Use Form 1040, Schedule C, Profit or Loss from Business, or Form 1040, Schedule C-EZ, Net Profit from Business (Sole Proprietorship) to report income and expenses. Taxpayers will also need to prepare Form 1040 Schedule SE for self-employment taxes if the net profit exceeds $400 for a year. Do not report this income on Form 1040 Line 21 as Other Income.

Independent contractors must report all income as taxable, even if it is less than $600. Even if the client does not issue a Form 1099-MISC, the income, whatever the amount, is still reportable by the taxpayer.

Fees received for babysitting, housecleaning and lawn cutting are all examples of taxable income, even if each client paid less than $600 for the year. Someone who repairs computers in his or her spare time needs to report all monies earned as self-employment income even if no one person paid more than $600 for repairs.

Bartering

Bartering is an exchange of property or services. The fair market value of goods and services exchanged is fully taxable and must be included on Form 1040 in the income of both parties.

An example of bartering is a plumber doing repair work for a dentist in exchange for dental services. Income from bartering is taxable in the year in which the taxpayer received the goods or services.

Gambling winnings

Gambling winnings are fully taxable and must be reported on Form 1040.

Gambling income includes, among other things, winnings from lotteries, raffles, horse races, poker tournaments and casinos. It includes cash winnings as well as the fair market value of prizes such as cars and trips.

Even if a W-2G is not issued, all gambling winnings must be reported as taxable income regardless of whether any portion is subject to withholding. In addition, taxpayers may be required to pay an estimated tax on the gambling winnings.

Losses may be deducted only if the taxpayer itemizes deductions and only if he or she also has gambling winnings. The losses deducted may not be more than the gambling income reported on the return.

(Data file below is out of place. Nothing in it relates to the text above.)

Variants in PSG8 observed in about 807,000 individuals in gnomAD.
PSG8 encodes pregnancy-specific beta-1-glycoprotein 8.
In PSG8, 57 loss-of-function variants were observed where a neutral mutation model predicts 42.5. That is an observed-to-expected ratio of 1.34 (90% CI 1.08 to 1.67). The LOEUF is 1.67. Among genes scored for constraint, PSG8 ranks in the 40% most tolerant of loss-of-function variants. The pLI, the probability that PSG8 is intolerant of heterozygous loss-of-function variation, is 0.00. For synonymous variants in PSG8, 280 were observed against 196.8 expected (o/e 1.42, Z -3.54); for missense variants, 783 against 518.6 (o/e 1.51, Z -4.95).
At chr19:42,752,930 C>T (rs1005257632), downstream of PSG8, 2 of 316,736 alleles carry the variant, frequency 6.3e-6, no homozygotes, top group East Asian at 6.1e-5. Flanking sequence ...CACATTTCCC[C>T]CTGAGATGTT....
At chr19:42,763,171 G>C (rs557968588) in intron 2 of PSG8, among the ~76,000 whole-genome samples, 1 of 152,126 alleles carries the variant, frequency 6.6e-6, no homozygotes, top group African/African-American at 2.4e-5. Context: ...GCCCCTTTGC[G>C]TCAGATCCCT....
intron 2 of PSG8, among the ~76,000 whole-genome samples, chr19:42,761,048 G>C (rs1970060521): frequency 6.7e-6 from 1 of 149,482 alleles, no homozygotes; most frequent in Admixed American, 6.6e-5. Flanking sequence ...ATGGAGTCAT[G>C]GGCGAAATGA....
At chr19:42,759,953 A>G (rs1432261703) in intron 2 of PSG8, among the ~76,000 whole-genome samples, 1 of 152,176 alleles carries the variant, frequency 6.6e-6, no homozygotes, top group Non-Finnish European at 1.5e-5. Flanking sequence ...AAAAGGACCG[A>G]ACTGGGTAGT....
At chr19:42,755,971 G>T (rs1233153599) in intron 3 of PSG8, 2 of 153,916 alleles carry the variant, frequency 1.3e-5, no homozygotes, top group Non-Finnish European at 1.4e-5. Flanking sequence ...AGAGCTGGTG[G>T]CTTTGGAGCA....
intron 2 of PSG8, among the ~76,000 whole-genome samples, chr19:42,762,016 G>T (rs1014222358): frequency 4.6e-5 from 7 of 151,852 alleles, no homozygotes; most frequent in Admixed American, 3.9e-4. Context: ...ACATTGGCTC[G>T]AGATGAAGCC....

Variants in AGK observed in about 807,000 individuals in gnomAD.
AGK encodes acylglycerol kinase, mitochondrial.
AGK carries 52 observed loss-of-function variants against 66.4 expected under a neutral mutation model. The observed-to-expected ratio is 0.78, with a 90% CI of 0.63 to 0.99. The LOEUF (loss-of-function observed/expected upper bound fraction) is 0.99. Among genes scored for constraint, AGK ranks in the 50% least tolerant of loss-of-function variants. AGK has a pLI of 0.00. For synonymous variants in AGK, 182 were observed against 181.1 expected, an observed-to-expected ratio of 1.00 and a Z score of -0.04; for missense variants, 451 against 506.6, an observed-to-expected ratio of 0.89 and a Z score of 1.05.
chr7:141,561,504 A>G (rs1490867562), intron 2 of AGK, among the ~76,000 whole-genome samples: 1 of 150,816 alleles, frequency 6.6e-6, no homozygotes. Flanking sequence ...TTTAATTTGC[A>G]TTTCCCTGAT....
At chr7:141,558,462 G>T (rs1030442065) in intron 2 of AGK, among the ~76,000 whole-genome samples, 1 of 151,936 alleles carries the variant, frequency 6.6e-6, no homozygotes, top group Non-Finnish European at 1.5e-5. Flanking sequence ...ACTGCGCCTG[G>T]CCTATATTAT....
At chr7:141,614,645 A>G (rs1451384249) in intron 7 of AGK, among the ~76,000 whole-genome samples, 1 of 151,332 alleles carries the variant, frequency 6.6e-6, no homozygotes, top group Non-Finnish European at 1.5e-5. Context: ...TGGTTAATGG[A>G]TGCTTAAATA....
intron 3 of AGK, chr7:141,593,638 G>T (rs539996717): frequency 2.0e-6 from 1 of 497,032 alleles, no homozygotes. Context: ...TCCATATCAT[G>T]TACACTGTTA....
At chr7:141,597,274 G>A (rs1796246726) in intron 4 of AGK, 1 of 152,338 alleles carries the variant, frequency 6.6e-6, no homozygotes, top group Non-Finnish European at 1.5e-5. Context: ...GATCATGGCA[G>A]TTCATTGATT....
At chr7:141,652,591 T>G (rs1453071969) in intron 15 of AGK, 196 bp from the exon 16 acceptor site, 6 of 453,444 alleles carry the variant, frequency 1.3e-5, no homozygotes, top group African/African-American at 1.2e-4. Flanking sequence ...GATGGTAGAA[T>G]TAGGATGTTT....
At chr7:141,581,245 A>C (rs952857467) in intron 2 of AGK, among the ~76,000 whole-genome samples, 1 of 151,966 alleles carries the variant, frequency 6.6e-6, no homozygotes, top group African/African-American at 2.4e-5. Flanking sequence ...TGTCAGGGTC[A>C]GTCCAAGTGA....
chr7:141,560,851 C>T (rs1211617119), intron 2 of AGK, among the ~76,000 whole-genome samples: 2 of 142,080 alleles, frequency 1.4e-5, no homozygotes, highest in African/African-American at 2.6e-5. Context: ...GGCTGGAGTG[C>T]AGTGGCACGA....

Prizes and awards

Subject to certain exceptions, the cash value of prizes or awards won in a drawing, quiz show program, beauty contest, or other event, must be included on the tax return as taxable income.

Taxpayers must also report the fair market value of merchandise or products won as a prize or award, as taxable income.

For example, both a $500 cash prize and the fair market value of a new range won in a baking contest must be reported as other income on Form 1040, Line 21.

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But, if the 280E ruling comes down unfavourably,... a typical dispensary owner has to pay tax on the cost of purchasing wholesale cannabis as well as on what is sold. 35% tax on something you are making 50% of.

 

In Michigan, that will end up being around 75% tax and fees total, in a current legal sense.

 

But we should get a court ruling literally in the next couple of months.

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If you were doing anything other than cannabis, you would be declared a hobby and you would be barred from deducting your expenses from other income. Most caregivers could show an operating loss if ALL expenses are tracked. So it would be smart to fill out the expense section. Just keep it for the future.

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There is an IRS statute of limitations on collecting taxes.  The IRS is limited to 10 years to collect back taxes, after that, they are barred by law from continuing collection activities against you.

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You can deduct your Cost of Goods Sold if you account for it properly under the accrual accounting method.  These are your costs of production - soil, fertilizer, lights, packaging, edible ingredients, etc.  However you need to follow true accounting methods, including depreciable lives on equipment and treating costs as part of your inventory.  There have been several IRS memos released on the subject since 2015.  Cost of Goods Sold are a deduction from Gross Receipts.  They are a return of capital - what you paid in order to grow the plants and process them to be ready for sale.  They are not considered a business expense, but rather a deduction to arrive at gross income. 

 

Having said that, you need to have a sound method for applying costs to your sold plants.  You can not just right off receipts in bulk.  You have to apply them as first capitalized to your inventory and only expense them to cost of goods sold as the plants are actually sold.  This includes carrying over any amounts attributable to plant material not yet sold.

 

Caregivers benefit the most from this, as the majority of your costs are related to the production of your plants.

 

You would treat your operation as a business and fill out Schedule C for your Federal tax return.

 

I wouldn't suggest trying to do this however unless you have already been doing so in a consistent manner.  Start fresh with 2017 in applying proper accounting methods.  

 

I have an ad in the classifieds if you need more help.